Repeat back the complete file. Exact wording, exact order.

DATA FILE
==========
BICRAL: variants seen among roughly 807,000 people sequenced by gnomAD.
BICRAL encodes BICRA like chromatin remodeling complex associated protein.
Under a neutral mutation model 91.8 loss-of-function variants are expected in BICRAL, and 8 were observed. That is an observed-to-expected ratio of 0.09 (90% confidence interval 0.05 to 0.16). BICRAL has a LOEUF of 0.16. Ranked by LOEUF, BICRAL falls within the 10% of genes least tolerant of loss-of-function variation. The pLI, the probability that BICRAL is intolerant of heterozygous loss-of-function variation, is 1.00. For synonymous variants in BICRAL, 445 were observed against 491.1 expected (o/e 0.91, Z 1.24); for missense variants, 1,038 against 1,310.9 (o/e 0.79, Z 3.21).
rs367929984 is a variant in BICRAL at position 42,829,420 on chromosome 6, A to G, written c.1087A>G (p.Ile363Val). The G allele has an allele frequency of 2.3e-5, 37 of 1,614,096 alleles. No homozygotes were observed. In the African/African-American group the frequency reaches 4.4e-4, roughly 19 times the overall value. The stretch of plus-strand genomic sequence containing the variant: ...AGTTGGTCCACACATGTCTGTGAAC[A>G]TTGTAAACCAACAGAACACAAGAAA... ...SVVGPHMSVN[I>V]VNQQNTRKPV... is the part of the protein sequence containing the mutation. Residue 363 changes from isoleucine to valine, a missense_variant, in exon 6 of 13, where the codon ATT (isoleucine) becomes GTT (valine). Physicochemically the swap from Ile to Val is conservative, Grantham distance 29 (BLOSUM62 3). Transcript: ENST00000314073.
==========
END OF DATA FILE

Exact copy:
BICRAL: variants seen among roughly 807,000 people sequenced by gnomAD.
BICRAL encodes BICRA like chromatin remodeling complex associated protein.
Under a neutral mutation model 91.8 loss-of-function variants are expected in BICRAL, and 8 were observed. That is an observed-to-expected ratio of 0.09 (90% confidence interval 0.05 to 0.16). BICRAL has a LOEUF of 0.16. Ranked by LOEUF, BICRAL falls within the 10% of genes least tolerant of loss-of-function variation. The pLI, the probability that BICRAL is intolerant of heterozygous loss-of-function variation, is 1.00. For synonymous variants in BICRAL, 445 were observed against 491.1 expected (o/e 0.91, Z 1.24); for missense variants, 1,038 against 1,310.9 (o/e 0.79, Z 3.21).
rs367929984 is a variant in BICRAL at position 42,829,420 on chromosome 6, A to G, written c.1087A>G (p.Ile363Val). The G allele has an allele frequency of 2.3e-5, 37 of 1,614,096 alleles. No homozygotes were observed. In the African/African-American group the frequency reaches 4.4e-4, roughly 19 times the overall value. The stretch of plus-strand genomic sequence containing the variant: ...AGTTGGTCCACACATGTCTGTGAAC[A>G]TTGTAAACCAACAGAACACAAGAAA... ...SVVGPHMSVN[I>V]VNQQNTRKPV... is the part of the protein sequence containing the mutation. Residue 363 changes from isoleucine to valine, a missense_variant, in exon 6 of 13, where the codon ATT (isoleucine) becomes GTT (valine). Physicochemically the swap from Ile to Val is conservative, Grantham distance 29 (BLOSUM62 3). Transcript: ENST00000314073.